F1
Figure 1.:
Microscopic evaluation of the metastatic bronchoalveolar adenocarcinoma. (A) The area of ulceration is present at the lower right-hand corner with underlying expansion of the muscularis mucosa and submucosa by dilated lymphatics and a centrally located infiltrate of neoplastic glands (hematoxylin and eosin stain; ×20). (B) Dilated lymphatics with readily identifiable neoplastic glands. The ulceration is present with no evidence of a lamina propria-derived mass (hematoxylin and eosin stain; ×40). (C) Extensive lymphatic tumor involvement (cytokeratin 7 stain; ×40).
F2
Figure 2.:
A subsequent chest/abdominal/pelvic computed tomography scan revealed postoperative changes in the right chest, with multiple areas of nodular patchy consolidation in both lungs and subpleural nodules of the left lung.

On postoperative day 3, the patient had an aspiration episode with resultant sepsis, necessitating intubation and subsequently tracheostomy. She was unable to wean from the ventilator and eventually died after the family decided to withdraw support.

DISCUSSION

Esophageal stricture secondary to metastasis from a distant site is a rare occurrence. Metastasis to the esophagus is a distinct entity and differs from the more common invasion because of contiguous spread. The first case of esophageal metastasis was reported in 1942, from the prostate.2 Since then, metastasis from other organs, including the lung, have been reported.3,4 Diagnosis is often difficult owing to the submucosal location of the metastasis, and thus, commonly used superficial mucosal biopsies are generally nondiagnostic.5 Endoscopic ultrasound with fine-needle aspiration and endoscopic mucosal resection have been applied successfully in some cases.6,7 In this case, the patient had a chronic esophageal stricture from an undiagnosed bronchoalveolar carcinoma. She was high risk for primary lung cancer based on her smoking history and underlying COPD. Before surgery, there were no clinical signs or symptoms suggestive of underlying malignancy. Preoperative evaluation consisted of routine laboratory tests and chest x-ray, which were unremarkable, except for mild changes consistent with COPD. Once the pathologic diagnosis became known, a computed tomography scan showed multiple lung nodules and bony metastasis.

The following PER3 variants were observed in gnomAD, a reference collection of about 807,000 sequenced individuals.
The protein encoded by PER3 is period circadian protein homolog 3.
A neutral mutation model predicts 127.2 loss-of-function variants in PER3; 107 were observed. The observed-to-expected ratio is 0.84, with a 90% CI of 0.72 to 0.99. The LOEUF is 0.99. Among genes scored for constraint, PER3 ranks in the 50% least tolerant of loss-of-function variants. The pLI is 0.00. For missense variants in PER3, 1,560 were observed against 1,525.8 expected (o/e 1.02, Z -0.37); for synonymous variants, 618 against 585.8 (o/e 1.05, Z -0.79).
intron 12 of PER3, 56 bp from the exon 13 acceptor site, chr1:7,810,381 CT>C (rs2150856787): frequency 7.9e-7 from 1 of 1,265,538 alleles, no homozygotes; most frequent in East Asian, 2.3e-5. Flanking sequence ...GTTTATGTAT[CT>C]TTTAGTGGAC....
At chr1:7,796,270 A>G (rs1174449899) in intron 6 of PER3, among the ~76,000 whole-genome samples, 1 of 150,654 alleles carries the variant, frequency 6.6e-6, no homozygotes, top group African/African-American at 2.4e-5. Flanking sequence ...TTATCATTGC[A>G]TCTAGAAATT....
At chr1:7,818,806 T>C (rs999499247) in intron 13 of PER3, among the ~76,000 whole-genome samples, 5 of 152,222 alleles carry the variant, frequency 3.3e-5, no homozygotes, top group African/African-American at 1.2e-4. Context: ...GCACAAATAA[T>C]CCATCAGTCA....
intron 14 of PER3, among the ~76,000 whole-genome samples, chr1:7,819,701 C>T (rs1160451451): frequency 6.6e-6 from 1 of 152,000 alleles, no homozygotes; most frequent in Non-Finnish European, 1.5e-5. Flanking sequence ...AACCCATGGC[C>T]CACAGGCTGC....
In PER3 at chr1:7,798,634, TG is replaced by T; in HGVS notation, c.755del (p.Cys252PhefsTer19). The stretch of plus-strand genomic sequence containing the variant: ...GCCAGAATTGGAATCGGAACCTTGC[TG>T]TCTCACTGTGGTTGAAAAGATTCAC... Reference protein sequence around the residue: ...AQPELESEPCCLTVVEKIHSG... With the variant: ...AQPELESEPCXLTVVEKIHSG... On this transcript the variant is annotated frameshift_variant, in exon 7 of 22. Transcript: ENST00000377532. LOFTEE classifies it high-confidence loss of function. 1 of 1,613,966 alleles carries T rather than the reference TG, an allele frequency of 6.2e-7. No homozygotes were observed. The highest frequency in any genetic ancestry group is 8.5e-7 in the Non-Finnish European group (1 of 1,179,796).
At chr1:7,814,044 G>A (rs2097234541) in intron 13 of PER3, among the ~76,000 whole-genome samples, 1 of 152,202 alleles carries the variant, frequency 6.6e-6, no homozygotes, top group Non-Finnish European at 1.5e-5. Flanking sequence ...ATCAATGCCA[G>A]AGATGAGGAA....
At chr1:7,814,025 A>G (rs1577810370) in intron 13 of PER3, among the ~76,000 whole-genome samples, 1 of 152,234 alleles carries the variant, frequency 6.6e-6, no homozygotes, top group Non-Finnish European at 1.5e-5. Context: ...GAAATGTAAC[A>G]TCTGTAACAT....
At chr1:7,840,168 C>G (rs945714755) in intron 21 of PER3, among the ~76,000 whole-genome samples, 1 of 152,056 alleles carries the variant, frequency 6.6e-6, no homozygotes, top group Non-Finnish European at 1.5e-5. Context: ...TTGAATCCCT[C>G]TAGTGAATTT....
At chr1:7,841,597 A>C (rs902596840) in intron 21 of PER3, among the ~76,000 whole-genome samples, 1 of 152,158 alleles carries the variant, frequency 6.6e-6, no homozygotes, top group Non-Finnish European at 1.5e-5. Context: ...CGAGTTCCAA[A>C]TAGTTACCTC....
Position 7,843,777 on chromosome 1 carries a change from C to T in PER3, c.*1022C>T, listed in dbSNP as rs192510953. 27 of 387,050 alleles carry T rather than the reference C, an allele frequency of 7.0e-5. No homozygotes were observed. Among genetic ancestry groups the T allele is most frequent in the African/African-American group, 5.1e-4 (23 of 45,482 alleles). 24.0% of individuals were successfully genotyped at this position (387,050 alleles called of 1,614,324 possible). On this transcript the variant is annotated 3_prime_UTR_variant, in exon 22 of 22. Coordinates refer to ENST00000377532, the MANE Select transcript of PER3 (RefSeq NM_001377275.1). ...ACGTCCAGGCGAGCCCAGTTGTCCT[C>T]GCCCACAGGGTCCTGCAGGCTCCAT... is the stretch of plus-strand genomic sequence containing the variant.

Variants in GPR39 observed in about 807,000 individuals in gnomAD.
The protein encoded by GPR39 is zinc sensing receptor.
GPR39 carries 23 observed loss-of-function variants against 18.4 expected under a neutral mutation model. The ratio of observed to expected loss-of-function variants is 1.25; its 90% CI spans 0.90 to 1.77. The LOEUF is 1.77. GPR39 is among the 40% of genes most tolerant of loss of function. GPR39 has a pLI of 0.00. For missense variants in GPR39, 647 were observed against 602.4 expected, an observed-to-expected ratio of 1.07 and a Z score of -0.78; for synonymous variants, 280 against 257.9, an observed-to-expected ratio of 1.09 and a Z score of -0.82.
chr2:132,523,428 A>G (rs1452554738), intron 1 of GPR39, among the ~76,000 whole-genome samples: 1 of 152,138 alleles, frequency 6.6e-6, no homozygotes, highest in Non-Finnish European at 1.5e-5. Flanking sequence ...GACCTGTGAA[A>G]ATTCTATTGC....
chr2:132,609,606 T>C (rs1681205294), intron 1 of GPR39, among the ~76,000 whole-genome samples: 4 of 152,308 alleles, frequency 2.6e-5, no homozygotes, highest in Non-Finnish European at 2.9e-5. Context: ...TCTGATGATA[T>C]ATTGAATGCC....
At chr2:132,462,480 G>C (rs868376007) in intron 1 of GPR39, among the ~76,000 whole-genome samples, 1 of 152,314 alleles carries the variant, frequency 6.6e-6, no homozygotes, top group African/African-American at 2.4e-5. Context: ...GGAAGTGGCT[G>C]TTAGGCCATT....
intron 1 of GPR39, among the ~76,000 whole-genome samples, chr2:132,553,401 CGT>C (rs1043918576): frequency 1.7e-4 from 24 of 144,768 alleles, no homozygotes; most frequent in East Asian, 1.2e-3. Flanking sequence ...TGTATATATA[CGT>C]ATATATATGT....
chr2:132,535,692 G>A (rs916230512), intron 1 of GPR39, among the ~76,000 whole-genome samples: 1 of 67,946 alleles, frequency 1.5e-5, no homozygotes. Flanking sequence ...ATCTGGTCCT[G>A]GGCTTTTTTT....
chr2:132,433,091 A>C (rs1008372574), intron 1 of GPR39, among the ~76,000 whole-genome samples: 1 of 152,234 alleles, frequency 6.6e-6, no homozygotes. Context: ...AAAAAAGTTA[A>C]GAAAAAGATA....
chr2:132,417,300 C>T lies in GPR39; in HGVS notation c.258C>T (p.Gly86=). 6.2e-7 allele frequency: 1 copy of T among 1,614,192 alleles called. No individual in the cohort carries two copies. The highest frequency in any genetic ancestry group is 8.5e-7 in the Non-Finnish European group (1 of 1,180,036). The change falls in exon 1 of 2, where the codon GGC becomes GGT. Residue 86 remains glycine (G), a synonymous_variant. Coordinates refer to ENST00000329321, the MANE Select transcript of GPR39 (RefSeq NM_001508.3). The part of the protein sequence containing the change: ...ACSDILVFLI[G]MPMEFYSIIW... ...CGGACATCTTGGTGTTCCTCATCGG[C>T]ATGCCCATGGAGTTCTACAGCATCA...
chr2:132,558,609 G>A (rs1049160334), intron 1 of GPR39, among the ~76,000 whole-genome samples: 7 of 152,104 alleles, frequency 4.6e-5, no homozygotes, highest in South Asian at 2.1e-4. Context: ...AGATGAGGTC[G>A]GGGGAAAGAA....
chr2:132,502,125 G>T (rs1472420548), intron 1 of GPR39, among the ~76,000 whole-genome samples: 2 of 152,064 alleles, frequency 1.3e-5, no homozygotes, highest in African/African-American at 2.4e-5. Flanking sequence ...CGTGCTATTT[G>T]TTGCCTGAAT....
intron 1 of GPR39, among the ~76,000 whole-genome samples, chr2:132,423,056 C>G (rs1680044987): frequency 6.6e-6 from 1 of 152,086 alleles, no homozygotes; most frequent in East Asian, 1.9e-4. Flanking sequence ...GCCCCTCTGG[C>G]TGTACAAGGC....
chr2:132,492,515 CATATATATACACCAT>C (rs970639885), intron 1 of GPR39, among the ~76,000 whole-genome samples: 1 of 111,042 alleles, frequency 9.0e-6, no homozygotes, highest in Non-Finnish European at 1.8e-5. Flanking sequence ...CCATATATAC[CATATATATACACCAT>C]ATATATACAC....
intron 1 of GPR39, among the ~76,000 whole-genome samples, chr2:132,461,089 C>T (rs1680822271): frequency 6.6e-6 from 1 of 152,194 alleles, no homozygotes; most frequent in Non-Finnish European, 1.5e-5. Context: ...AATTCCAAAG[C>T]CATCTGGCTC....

This case demonstrates a rare etiology of an esophageal stricture. In high-risk patients, metastatic malignancy should be considered in the differential diagnosis of a new or chronic esophageal stricture. While conventional endoscopy is often nondiagnostic in establishing the diagnosis, other modalities such as endoscopic ultrasound with fine-needle aspiration and endoscopic mucosal resection should be considered as upfront modalities in reoccurring esophageal strictures in high-risk patients.